Keki Mistry, vice chairman and CEO of HDFC, shared his views and outlook on money market, non-banking financial companies (NBFC) crisis, demand for housing and liquidity in the market.
Talking about the corporate bond market, he said, “I think things have become a lot better from a money market perspective compared to what they were three-four weeks ago. It is not as good as it used to be seven-eight months ago but clearly cost of funding has come off.”
Speaking about the NBFC crisis, Mistry said, “To my mind it all started about four-five years ago when there was so much euphoria about India that everyone wanted to start businesses, start NBFCs and in that process a lot of people did start NBFCs and housing finance companies (HFCs) and these companies went for very aggressive growth. Growth rates of 40-50 percent were common and anyone who grew at less than 35-40 percent was considered to be a laggard. Not only was the growth very strong, a lot of these companies went for an asset-liability management (ALM) mismatch, borrowing short-term money, lending long-term money and then because there was so much of liquidity in this system right through 2014 and 2017 even though I had borrowed money at the short-term, it kept getting rolled over from time to time so it effectively became long-term money. In 2018, things changed one because Fed started tightening then came rise in oil prices and some degree of inflationary effect, Reserve Bank of India (RBI) tightening and then last but not the least was the IL&FS crisis and then there was a complete deficit of trust. That continued for a while and many of the NBFCs and HFCs have been selling their assets to raise liquidity and they have used that liquidity to pay off their liabilities. Therefore, there has been no default in the system."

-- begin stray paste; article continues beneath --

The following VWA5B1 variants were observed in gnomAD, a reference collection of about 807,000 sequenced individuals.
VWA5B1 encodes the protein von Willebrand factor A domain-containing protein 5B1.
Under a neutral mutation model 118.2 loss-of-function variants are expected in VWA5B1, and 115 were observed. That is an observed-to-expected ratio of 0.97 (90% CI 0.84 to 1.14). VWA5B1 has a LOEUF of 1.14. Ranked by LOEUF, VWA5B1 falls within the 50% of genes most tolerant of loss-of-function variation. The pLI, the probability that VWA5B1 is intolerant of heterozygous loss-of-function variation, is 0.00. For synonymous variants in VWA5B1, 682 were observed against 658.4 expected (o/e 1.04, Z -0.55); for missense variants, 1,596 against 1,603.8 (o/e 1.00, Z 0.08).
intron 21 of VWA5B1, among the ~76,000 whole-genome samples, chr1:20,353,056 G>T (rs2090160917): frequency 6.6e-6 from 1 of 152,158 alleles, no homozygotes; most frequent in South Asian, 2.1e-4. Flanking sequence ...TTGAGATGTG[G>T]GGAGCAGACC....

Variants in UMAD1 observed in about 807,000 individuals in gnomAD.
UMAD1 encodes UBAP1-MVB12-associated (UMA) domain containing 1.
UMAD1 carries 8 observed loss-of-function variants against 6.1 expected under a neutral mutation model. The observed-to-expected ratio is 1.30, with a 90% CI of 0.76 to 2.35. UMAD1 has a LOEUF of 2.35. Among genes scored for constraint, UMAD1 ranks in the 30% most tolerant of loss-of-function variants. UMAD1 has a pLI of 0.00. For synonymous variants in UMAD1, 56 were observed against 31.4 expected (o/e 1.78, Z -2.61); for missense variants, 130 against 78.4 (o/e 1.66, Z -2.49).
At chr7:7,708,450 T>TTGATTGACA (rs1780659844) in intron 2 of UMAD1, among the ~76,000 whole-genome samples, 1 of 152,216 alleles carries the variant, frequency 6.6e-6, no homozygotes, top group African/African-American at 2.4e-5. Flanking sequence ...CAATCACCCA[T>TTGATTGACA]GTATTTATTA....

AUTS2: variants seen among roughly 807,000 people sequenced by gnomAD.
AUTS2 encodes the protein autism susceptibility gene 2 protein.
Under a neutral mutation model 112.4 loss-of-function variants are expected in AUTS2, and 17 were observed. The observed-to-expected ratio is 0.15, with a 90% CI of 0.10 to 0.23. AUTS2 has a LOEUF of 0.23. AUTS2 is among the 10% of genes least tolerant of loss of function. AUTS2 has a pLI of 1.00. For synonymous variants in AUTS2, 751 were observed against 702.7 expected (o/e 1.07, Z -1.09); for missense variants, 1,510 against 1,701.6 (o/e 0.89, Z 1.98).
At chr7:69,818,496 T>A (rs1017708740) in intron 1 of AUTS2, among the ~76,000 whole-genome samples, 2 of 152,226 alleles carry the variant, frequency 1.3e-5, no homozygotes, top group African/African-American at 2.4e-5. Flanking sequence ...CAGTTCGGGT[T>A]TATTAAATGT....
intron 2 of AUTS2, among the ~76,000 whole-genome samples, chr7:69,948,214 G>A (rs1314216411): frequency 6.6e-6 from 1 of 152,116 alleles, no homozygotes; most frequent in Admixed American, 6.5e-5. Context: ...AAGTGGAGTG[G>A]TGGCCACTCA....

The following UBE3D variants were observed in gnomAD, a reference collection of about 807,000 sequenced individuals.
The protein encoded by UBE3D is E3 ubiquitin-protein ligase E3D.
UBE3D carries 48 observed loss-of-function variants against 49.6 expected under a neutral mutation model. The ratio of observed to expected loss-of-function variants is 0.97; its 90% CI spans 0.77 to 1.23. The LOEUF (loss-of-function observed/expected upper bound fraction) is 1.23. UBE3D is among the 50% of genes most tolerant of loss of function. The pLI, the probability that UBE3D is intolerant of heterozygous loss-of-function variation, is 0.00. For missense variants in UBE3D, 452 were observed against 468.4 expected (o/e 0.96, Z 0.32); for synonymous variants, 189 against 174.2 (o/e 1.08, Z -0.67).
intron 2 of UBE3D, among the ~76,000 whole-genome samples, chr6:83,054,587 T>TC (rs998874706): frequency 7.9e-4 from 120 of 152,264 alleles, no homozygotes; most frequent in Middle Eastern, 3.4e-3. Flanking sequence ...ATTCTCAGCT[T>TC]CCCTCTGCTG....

“My sense is that all the NBFCs and HFCs, which had this issue in the past have raised sufficient money now to ensure that whatever liabilities come up for maturity over the next one-two months, they will have the liquidity to be able to pay it off. I don’t expect there to be a crisis, there is still a little bit of – I won’t say nervousness – scepticism in the bond market for some of the not so well known names but by and large I think the significant trust deficit that existed in September, I would say 80-90 percent of that is over,” said Mistry.
Sharing his expectations from the RBI's monetary policy next week, Mistry said, "My sense is that RBI will cut rates but as far as the banking system is concerned, the banking system will have to grapple with the fact that their deposit growth has been lagging loan growth. That is a big worry for the banking system and because the deposit growth has been lagging, they are not in a position or may not be in a position to lower their deposit rates."